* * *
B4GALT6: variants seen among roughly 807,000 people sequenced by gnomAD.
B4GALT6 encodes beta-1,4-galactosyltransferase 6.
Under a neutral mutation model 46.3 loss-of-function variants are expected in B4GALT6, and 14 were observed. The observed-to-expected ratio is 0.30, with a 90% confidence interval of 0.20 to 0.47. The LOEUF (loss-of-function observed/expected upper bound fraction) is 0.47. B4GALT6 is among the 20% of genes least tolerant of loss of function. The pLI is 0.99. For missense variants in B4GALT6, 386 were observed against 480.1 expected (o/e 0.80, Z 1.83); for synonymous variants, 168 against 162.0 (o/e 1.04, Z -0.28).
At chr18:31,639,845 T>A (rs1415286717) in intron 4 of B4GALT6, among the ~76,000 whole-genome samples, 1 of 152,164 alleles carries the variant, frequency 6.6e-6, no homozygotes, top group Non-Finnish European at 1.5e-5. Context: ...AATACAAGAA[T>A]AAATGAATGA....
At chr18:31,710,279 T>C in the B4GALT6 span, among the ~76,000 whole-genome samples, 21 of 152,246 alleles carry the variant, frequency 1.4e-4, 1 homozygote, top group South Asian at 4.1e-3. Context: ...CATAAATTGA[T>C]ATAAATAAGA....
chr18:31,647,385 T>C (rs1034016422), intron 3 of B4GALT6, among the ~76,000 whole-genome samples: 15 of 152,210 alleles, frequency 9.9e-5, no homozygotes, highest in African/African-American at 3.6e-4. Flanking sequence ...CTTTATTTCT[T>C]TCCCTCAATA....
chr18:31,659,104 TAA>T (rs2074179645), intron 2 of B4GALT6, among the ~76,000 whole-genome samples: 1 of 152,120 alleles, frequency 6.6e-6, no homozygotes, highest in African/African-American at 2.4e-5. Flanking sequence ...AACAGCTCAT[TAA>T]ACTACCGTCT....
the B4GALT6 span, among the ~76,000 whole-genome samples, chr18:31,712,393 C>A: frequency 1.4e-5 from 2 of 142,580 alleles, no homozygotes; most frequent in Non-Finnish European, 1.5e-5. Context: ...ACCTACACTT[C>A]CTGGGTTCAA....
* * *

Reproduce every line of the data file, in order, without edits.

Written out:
B4GALT6: variants seen among roughly 807,000 people sequenced by gnomAD.
B4GALT6 encodes beta-1,4-galactosyltransferase 6.
Under a neutral mutation model 46.3 loss-of-function variants are expected in B4GALT6, and 14 were observed. The observed-to-expected ratio is 0.30, with a 90% confidence interval of 0.20 to 0.47. The LOEUF (loss-of-function observed/expected upper bound fraction) is 0.47. B4GALT6 is among the 20% of genes least tolerant of loss of function. The pLI is 0.99. For missense variants in B4GALT6, 386 were observed against 480.1 expected (o/e 0.80, Z 1.83); for synonymous variants, 168 against 162.0 (o/e 1.04, Z -0.28).
At chr18:31,639,845 T>A (rs1415286717) in intron 4 of B4GALT6, among the ~76,000 whole-genome samples, 1 of 152,164 alleles carries the variant, frequency 6.6e-6, no homozygotes, top group Non-Finnish European at 1.5e-5. Context: ...AATACAAGAA[T>A]AAATGAATGA....
At chr18:31,710,279 T>C in the B4GALT6 span, among the ~76,000 whole-genome samples, 21 of 152,246 alleles carry the variant, frequency 1.4e-4, 1 homozygote, top group South Asian at 4.1e-3. Context: ...CATAAATTGA[T>C]ATAAATAAGA....
chr18:31,647,385 T>C (rs1034016422), intron 3 of B4GALT6, among the ~76,000 whole-genome samples: 15 of 152,210 alleles, frequency 9.9e-5, no homozygotes, highest in African/African-American at 3.6e-4. Flanking sequence ...CTTTATTTCT[T>C]TCCCTCAATA....
chr18:31,659,104 TAA>T (rs2074179645), intron 2 of B4GALT6, among the ~76,000 whole-genome samples: 1 of 152,120 alleles, frequency 6.6e-6, no homozygotes, highest in African/African-American at 2.4e-5. Flanking sequence ...AACAGCTCAT[TAA>T]ACTACCGTCT....
the B4GALT6 span, among the ~76,000 whole-genome samples, chr18:31,712,393 C>A: frequency 1.4e-5 from 2 of 142,580 alleles, no homozygotes; most frequent in Non-Finnish European, 1.5e-5. Context: ...ACCTACACTT[C>A]CTGGGTTCAA....